Aidan doesn’t really get that release, as he spends most of the season having a dick-swinging contest with Bishop. Except one of Bishop’s covers is as a cop, meaning Aidan needs just a little too much help in cleaning up his messes, giving Bishop the upper hand. Marcus is really, really tired of being the “mistake” to Aidan’s good son so he takes matters into his own hands and visits “the Dutch,” a powerful sect of “orthodox” vampires who don’t take kindly to Bishop’s power grab and modern ways. And in one last insult to Aidan, kidnaps Josh for a “dog fight” against an older, stronger werewolf to entertain the Dutch when they come to town. Aidan strikes a deal with Bishop to rejoin the family if he calls off the fight and let Josh go free. Bishop agrees but Marcus still forces the fight, which Josh wins handily, scaring the bejesus out of Sally because Josh is really gentle and nerdy as a human, so the vicious, brutal killer was surprising. Still, Bishop gave Josh his freedom, Aidan stands by his word and Aidan’s back with Bishop.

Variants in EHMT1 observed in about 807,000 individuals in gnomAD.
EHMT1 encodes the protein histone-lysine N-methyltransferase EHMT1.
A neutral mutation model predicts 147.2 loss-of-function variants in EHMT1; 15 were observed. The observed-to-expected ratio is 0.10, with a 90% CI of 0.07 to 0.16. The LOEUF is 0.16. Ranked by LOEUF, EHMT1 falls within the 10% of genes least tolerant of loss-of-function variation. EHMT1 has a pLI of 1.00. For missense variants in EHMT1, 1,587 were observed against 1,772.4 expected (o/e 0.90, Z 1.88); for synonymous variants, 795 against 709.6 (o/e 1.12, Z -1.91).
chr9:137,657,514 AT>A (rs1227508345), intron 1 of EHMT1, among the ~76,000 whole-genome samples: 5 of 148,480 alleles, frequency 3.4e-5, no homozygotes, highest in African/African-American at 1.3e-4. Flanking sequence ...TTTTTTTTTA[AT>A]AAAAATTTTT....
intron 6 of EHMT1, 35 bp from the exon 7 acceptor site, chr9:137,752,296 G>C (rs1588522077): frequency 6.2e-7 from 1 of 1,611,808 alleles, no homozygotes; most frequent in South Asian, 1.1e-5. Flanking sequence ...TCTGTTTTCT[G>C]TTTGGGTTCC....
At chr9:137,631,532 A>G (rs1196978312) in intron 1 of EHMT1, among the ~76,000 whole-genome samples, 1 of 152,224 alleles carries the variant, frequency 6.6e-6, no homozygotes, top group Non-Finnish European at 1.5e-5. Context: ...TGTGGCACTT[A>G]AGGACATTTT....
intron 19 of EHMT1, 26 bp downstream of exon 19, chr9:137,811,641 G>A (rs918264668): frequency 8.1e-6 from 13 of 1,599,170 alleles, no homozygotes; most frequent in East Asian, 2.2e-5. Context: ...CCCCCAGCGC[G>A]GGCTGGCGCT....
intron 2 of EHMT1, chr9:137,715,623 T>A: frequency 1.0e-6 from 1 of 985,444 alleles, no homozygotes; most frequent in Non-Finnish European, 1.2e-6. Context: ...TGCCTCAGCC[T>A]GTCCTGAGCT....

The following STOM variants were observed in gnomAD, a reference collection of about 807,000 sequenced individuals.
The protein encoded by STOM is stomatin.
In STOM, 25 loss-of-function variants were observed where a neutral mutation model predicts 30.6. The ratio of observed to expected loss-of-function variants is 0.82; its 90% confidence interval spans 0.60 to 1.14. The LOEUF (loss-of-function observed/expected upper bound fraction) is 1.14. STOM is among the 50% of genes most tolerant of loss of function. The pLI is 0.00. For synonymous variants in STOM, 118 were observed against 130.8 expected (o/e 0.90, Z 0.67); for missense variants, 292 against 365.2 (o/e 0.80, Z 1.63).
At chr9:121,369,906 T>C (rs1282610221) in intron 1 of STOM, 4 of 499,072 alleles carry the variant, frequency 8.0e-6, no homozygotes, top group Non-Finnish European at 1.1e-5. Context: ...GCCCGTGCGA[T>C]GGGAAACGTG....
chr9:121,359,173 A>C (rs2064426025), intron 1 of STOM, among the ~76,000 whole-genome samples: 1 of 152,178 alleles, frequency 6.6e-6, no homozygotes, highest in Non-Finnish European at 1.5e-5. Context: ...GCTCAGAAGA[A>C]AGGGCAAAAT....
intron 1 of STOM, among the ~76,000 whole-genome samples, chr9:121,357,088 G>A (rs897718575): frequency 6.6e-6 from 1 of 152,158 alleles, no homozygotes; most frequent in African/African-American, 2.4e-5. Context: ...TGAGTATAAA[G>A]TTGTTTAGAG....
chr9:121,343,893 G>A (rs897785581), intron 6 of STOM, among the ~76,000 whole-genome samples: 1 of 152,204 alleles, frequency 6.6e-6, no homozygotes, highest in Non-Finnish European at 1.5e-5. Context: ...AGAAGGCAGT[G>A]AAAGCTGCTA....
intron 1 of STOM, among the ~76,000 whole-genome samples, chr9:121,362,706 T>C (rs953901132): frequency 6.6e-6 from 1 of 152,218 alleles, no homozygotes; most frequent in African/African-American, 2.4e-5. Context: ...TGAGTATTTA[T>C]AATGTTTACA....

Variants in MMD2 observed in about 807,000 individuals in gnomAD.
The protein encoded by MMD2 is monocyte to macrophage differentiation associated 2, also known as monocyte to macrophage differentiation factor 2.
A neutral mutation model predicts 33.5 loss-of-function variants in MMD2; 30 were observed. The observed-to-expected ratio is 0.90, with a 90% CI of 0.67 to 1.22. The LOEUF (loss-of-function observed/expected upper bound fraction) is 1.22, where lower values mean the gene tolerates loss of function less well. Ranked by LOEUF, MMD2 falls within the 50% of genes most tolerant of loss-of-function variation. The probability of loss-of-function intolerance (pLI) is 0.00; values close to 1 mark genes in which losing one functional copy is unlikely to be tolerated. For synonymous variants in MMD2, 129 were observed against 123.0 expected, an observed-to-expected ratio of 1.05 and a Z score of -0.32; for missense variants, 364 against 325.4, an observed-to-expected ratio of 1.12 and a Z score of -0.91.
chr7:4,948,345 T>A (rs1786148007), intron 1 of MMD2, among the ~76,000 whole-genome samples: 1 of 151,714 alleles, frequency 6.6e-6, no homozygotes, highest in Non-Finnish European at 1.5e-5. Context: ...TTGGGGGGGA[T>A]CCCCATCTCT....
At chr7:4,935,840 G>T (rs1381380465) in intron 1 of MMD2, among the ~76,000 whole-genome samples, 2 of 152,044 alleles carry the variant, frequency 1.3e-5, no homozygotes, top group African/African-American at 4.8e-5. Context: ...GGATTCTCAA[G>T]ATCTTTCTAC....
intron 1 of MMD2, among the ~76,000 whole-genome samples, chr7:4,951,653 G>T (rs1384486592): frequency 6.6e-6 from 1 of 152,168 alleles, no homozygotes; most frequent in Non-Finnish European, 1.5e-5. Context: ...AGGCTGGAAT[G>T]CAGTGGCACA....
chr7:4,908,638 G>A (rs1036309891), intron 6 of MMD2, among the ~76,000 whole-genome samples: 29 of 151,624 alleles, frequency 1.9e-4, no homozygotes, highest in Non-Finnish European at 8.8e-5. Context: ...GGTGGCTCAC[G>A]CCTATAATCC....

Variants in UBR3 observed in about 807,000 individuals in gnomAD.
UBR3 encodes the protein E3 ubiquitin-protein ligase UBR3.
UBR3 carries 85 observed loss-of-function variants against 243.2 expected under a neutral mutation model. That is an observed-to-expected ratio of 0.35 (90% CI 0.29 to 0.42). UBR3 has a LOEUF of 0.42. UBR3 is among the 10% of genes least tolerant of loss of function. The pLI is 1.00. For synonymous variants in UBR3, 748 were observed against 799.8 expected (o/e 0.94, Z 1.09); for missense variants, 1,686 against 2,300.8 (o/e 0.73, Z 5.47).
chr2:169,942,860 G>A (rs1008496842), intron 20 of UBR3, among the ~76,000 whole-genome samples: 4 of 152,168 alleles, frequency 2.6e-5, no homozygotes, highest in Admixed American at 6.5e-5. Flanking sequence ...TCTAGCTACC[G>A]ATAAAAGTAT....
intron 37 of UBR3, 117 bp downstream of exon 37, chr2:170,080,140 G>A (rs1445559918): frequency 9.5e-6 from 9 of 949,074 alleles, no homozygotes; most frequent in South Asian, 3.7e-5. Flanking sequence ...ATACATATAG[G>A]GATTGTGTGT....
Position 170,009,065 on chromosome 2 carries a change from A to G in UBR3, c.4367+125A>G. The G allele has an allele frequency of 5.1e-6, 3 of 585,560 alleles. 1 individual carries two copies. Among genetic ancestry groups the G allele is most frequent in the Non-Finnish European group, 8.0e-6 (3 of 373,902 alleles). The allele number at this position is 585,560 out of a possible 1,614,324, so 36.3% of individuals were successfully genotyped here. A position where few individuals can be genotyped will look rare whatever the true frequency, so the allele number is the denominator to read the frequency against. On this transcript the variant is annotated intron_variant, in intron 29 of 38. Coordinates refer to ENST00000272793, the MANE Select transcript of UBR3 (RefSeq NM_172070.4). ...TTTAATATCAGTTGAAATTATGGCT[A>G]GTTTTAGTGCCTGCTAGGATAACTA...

Which all leads up to final confrontations for each roommate. Danny, tired of Sally cockblocking him from beyond, takes matters into his own hands (pun not intended but amuses me) and stages an exorcism to get rid of Sally. Sally thinks it’s a joke except the medium is real and ends up locking Sally in the house. But Sally’s grown a spine over the season and manages to turn the situation to her advantage, and possesses the medium’s body to let her and Bridget know that Danny killed her and he’ll kill Bridget, too, if she doesn’t fall completely in line with him. Bridget and the psychic believe Sally and hightail it out of there, although Bridget promises not to go to the police. Sally feels some vindication, except for the unfortunate side effect of looking like The Grudge.